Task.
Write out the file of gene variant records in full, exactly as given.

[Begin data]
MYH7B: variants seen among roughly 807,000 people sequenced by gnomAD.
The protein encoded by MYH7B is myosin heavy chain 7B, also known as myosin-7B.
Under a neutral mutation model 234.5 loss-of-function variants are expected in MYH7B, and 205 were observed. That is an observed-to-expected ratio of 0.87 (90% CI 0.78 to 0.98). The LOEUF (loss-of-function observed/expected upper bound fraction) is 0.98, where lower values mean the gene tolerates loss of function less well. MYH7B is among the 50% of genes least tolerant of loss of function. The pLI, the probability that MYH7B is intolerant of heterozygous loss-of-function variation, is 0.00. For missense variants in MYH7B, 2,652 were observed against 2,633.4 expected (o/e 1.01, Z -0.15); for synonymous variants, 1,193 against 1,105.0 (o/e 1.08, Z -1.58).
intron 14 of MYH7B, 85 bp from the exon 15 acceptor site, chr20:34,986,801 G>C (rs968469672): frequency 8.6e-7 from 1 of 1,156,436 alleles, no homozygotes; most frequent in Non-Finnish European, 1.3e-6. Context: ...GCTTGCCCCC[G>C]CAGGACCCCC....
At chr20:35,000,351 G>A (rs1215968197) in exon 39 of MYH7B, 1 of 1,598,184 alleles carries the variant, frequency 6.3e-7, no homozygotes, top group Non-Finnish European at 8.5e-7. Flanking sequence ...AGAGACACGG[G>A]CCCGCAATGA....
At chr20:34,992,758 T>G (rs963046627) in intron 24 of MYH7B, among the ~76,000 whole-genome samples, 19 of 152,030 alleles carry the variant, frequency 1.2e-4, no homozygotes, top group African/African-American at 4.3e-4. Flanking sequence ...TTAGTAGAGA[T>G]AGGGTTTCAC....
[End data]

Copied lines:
MYH7B: variants seen among roughly 807,000 people sequenced by gnomAD.
The protein encoded by MYH7B is myosin heavy chain 7B, also known as myosin-7B.
Under a neutral mutation model 234.5 loss-of-function variants are expected in MYH7B, and 205 were observed. That is an observed-to-expected ratio of 0.87 (90% CI 0.78 to 0.98). The LOEUF (loss-of-function observed/expected upper bound fraction) is 0.98, where lower values mean the gene tolerates loss of function less well. MYH7B is among the 50% of genes least tolerant of loss of function. The pLI, the probability that MYH7B is intolerant of heterozygous loss-of-function variation, is 0.00. For missense variants in MYH7B, 2,652 were observed against 2,633.4 expected (o/e 1.01, Z -0.15); for synonymous variants, 1,193 against 1,105.0 (o/e 1.08, Z -1.58).
intron 14 of MYH7B, 85 bp from the exon 15 acceptor site, chr20:34,986,801 G>C (rs968469672): frequency 8.6e-7 from 1 of 1,156,436 alleles, no homozygotes; most frequent in Non-Finnish European, 1.3e-6. Context: ...GCTTGCCCCC[G>C]CAGGACCCCC....
At chr20:35,000,351 G>A (rs1215968197) in exon 39 of MYH7B, 1 of 1,598,184 alleles carries the variant, frequency 6.3e-7, no homozygotes, top group Non-Finnish European at 8.5e-7. Flanking sequence ...AGAGACACGG[G>A]CCCGCAATGA....
At chr20:34,992,758 T>G (rs963046627) in intron 24 of MYH7B, among the ~76,000 whole-genome samples, 19 of 152,030 alleles carry the variant, frequency 1.2e-4, no homozygotes, top group African/African-American at 4.3e-4. Flanking sequence ...TTAGTAGAGA[T>G]AGGGTTTCAC....